Yes, I know I need to step it up. Keep it to yourself 😉
Make a Schedule, and Stick to It
As with any goal, you need to figure out how often you want to work toward your goal. And you should never, ever derive from this plan for anything short of a true emergency.
I discussed this in the intro of the first part of this post: Once you make one excuse, it becomes easier to make another, and another…until you just stop working toward your goal completely.
Don’t let this happen. Your friends want to meet for happy hour? Too bad, it’s a blogging day. Your favorite rerun of Seinfeld is on? Too bad, you have work to do. Your wife’s car broke down? Too ba…
Just kidding. Like I said, things come up. Of course, you should never put your blogging above the health and safety of yourself or your loved ones. But just know that once you pick your wife up and take care of the car troubles, you’re going to have to sacrifice some leisure time later on to reach your daily goal.
Set the Bar, Then Aim Higher
Okay, so you’ve set a reasonable goal, and set a schedule for your blogging habit. But some weeks you just feel like you could do better.
By no means should you confuse the bar you set for a ceiling.
If you feel like writing, write. Don’t hold yourself back just because you’ve already written your “three for the week.” Take advantage of the time you have. Push yourself when the mood strikes.
Internet readers are fickle (which I’ve said before). You don’t want to confuse your audience by posting daily one week, three times another week, two times in one day the next week…you get my point.
If you post on a random Thursday after your audience has become accustomed to hearing from you every Monday, Wednesday, and Friday, what do you think they’re going to want next Thursday?
Instead of posting whenever you finish an article, no matter how many posts you write, keep your schedule consistent. Keep those other posts locked up for future publication. Within a few months you should have a dozen or so articles that have yet to go live, giving you a bit of leeway when life throws a monkey wrench into your plans.
I said something before about how easy it would be simply to “blog more”: It’d be easy to just write a quick paragraph every single day and boast about how you wrote 365 blog posts this year.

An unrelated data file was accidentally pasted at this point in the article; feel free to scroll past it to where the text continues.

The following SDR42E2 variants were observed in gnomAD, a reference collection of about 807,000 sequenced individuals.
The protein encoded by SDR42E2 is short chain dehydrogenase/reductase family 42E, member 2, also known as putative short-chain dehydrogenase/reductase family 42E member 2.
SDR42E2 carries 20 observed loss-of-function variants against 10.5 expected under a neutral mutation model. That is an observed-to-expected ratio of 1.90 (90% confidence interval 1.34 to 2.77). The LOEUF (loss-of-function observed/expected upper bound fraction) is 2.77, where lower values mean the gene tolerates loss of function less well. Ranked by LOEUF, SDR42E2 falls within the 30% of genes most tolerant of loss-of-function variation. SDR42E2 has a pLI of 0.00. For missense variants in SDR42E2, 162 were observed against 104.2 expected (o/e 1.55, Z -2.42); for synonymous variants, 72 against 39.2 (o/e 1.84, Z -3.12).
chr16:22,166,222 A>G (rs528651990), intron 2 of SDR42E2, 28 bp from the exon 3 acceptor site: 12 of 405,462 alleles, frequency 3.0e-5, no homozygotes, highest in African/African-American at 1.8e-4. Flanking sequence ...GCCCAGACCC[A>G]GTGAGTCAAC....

But that’s not what you want to do, is it?
Don’t ever catch yourself writing “just because you have to.” Blogging will quickly become a chore if you start seeing it like one.
Write About Your Interests
I love writing, and I love writing about writing.
Unlike in my college days, I’m not constantly looking at the word count of the blog posts I write. I’m not writing to fulfill a quota; I’m writing to get my ideas out there.
That isn’t to say I’m writing for myself. You should know by now that’s not the case.
But I’m not writing about something I have absolutely no vested interest in just because it’s a hot button topic. You’d know immediately if I was looking for clicks.
One of the best ways to stay consistent in your blogging is to always write about topics that interest you. Your daily life is a treasure trove of content, even if you don’t realize it. Case in point: this article stemmed from the fact that I had shirked my blogging responsibility for almost two weeks. In delving into a shortcoming of mine, I’ve managed to pen a longform article discussing how I (and others in similar situations) can improve.
Write With Fervor
My blog’s tagline says it all: Why write if my life doesn’t depend on it?
When you sit down to write, you need to be writing. Not checking your Facebook page. Not wondering if your friend got the meme you sent them earlier. Not eavesdropping on the conversation being held on the other side of the Starbucks. You need to write.
If you find yourself getting distracted constantly, figure out the problem and fix it.
The problem is going to be unique to your own situation, so unfortunately you’re on your own for the most part. Maybe you need some soundproof headphones. Maybe you need to unplug your WiFi. Maybe you need a change of scenery. Whatever it is, do it, and do it now – before you waste anymore time
Check out Write or Die if you’re having trouble staying on track. It sounds pretty morbid, but it’s more along the lines of sadistic: Once you start writing, you can’t stop – or you’ll be punished. If you so much as glance around the room, your words will start to be erased. It’s a great way to keep your ideas flowing and stop you from micro-editing along the way. And you definitely won’t want to “just check Instagram for a minute,” because a minute could be all it takes to erase an hour of your hard work.
If you have trouble managing your time while writing, check out time-tracking apps such as Toggl, or use the Pomodoro technique. There are a ton of programs out there that will help you keep track of how much time you’ve spent working – as well as how much time you’ve wasted staring into space. Seeing how both of these periods of time add up may just be the catalyst you need to make a change in your writing habits.
Maintaining a blog seems like it’d be pretty easy, but once you start it becomes crystal clear that a lot more goes into it than you may have at first thought. Once you have a more realistic idea of what to expect throughout your blogging journey, though, you’ll realize that you definitely can make it happen – as long as you do it on your own terms.